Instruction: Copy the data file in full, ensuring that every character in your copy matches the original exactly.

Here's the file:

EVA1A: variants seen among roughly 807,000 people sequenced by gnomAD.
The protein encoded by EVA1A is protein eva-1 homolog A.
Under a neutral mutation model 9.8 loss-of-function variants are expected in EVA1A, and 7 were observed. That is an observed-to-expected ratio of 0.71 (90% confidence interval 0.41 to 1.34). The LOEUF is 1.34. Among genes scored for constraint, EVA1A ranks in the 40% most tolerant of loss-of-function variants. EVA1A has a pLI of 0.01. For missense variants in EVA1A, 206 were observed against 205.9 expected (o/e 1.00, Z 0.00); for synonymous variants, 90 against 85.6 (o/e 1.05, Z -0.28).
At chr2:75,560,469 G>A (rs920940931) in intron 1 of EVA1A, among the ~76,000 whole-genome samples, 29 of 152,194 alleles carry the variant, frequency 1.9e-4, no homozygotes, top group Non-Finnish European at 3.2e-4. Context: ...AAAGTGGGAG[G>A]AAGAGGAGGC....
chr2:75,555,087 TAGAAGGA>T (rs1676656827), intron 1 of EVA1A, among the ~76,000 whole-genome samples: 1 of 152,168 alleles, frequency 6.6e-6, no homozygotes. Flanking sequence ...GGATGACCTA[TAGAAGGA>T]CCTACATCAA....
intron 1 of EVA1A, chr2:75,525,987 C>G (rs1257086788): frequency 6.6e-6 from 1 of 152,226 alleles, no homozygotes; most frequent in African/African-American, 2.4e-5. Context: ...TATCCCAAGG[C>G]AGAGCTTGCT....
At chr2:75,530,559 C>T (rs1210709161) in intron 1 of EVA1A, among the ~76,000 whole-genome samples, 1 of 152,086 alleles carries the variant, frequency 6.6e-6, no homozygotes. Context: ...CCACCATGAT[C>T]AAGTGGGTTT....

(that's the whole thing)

EVA1A: variants seen among roughly 807,000 people sequenced by gnomAD.
The protein encoded by EVA1A is protein eva-1 homolog A.
Under a neutral mutation model 9.8 loss-of-function variants are expected in EVA1A, and 7 were observed. That is an observed-to-expected ratio of 0.71 (90% confidence interval 0.41 to 1.34). The LOEUF is 1.34. Among genes scored for constraint, EVA1A ranks in the 40% most tolerant of loss-of-function variants. EVA1A has a pLI of 0.01. For missense variants in EVA1A, 206 were observed against 205.9 expected (o/e 1.00, Z 0.00); for synonymous variants, 90 against 85.6 (o/e 1.05, Z -0.28).
At chr2:75,560,469 G>A (rs920940931) in intron 1 of EVA1A, among the ~76,000 whole-genome samples, 29 of 152,194 alleles carry the variant, frequency 1.9e-4, no homozygotes, top group Non-Finnish European at 3.2e-4. Context: ...AAAGTGGGAG[G>A]AAGAGGAGGC....
chr2:75,555,087 TAGAAGGA>T (rs1676656827), intron 1 of EVA1A, among the ~76,000 whole-genome samples: 1 of 152,168 alleles, frequency 6.6e-6, no homozygotes. Flanking sequence ...GGATGACCTA[TAGAAGGA>T]CCTACATCAA....
intron 1 of EVA1A, chr2:75,525,987 C>G (rs1257086788): frequency 6.6e-6 from 1 of 152,226 alleles, no homozygotes; most frequent in African/African-American, 2.4e-5. Context: ...TATCCCAAGG[C>G]AGAGCTTGCT....
At chr2:75,530,559 C>T (rs1210709161) in intron 1 of EVA1A, among the ~76,000 whole-genome samples, 1 of 152,086 alleles carries the variant, frequency 6.6e-6, no homozygotes. Context: ...CCACCATGAT[C>T]AAGTGGGTTT....